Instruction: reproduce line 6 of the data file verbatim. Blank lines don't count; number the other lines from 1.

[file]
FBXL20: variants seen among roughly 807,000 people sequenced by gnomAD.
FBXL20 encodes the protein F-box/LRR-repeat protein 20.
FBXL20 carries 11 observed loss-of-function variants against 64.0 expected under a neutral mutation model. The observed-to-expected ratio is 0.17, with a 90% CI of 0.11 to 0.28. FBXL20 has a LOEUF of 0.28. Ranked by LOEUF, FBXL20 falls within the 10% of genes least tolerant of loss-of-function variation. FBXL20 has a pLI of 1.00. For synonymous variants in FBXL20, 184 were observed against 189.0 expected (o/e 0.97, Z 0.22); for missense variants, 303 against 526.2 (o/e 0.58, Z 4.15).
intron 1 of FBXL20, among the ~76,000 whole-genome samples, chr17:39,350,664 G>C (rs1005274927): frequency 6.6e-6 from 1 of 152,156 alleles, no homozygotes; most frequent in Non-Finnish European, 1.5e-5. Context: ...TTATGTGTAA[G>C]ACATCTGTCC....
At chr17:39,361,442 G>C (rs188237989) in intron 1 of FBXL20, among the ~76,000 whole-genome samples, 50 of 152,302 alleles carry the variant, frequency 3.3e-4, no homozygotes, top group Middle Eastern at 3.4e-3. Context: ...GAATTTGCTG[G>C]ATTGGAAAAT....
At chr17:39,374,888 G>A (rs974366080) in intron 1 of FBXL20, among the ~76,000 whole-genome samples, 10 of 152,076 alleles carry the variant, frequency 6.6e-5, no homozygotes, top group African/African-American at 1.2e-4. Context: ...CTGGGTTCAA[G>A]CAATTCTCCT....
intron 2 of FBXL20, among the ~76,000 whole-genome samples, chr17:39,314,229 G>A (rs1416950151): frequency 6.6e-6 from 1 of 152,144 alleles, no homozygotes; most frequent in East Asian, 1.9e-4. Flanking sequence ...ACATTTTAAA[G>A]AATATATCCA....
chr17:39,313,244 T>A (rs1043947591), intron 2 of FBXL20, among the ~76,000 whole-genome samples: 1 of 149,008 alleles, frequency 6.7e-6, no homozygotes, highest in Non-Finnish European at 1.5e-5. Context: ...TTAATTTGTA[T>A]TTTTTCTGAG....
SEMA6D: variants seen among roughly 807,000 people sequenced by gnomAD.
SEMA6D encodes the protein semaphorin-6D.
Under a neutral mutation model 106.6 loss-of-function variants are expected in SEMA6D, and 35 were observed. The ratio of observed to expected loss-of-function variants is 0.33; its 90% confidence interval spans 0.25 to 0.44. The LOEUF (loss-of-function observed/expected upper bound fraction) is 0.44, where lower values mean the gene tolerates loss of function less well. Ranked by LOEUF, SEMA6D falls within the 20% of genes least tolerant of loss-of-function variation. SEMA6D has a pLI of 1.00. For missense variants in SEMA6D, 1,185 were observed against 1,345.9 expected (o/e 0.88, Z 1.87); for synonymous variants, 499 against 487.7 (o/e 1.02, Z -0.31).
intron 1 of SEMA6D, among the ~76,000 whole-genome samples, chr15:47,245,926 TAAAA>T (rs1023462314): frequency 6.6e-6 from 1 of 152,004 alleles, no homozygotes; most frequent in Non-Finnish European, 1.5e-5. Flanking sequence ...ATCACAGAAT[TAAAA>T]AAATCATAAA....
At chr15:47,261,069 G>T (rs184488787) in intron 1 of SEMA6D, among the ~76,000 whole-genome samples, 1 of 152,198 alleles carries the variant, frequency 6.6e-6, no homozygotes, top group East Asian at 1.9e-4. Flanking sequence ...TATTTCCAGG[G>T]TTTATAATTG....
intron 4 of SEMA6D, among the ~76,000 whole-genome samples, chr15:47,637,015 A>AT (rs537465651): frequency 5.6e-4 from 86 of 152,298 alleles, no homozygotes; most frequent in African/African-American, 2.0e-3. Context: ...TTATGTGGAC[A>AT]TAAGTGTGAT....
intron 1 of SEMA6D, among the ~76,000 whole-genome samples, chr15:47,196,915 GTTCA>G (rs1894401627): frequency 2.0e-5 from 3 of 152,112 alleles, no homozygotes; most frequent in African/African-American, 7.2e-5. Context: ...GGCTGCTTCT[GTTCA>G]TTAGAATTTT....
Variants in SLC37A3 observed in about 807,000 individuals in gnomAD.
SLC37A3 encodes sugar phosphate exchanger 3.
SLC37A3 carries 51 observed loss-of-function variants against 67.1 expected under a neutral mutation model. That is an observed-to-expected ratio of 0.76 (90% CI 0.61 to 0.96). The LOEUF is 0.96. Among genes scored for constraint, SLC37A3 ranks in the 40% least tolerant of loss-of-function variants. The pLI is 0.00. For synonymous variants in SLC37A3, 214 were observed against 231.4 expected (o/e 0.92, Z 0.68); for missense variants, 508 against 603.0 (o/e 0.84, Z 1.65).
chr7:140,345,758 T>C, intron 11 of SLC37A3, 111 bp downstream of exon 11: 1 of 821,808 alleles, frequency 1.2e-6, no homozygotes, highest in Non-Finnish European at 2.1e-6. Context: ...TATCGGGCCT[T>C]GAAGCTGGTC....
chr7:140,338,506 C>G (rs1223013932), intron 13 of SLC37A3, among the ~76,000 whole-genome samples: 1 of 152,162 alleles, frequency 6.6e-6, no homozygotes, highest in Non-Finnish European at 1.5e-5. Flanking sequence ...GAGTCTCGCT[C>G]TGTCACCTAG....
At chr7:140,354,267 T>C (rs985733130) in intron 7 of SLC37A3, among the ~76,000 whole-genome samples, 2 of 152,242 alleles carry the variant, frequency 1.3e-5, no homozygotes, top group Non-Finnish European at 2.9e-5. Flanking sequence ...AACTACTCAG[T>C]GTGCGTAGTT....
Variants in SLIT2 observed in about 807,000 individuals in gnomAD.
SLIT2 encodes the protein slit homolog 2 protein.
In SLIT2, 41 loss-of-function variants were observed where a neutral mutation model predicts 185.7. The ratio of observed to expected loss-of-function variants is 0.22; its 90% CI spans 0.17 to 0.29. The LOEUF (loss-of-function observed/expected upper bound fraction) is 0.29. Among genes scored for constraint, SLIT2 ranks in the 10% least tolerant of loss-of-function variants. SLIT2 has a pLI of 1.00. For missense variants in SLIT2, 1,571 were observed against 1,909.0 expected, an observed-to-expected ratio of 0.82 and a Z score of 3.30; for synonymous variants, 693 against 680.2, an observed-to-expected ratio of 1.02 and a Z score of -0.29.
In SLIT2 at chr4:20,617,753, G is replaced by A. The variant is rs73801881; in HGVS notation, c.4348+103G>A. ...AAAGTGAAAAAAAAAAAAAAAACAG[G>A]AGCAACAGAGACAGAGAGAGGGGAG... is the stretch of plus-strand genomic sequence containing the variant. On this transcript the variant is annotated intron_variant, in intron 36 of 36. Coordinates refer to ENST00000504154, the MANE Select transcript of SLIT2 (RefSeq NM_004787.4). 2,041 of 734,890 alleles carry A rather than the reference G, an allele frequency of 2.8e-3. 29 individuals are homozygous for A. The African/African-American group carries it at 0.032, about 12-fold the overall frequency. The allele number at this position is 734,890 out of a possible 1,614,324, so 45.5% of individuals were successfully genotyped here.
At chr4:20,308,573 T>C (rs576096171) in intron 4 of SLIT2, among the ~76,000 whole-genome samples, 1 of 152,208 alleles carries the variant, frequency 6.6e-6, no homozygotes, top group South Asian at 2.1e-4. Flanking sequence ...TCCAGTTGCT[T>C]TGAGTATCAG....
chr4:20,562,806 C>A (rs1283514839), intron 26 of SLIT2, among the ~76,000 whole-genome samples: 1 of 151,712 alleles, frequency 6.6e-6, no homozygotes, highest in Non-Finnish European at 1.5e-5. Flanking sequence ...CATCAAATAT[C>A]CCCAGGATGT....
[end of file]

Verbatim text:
At chr17:39,374,888 G>A (rs974366080) in intron 1 of FBXL20, among the ~76,000 whole-genome samples, 10 of 152,076 alleles carry the variant, frequency 6.6e-5, no homozygotes, top group African/African-American at 1.2e-4. Context: ...CTGGGTTCAA[G>A]CAATTCTCCT....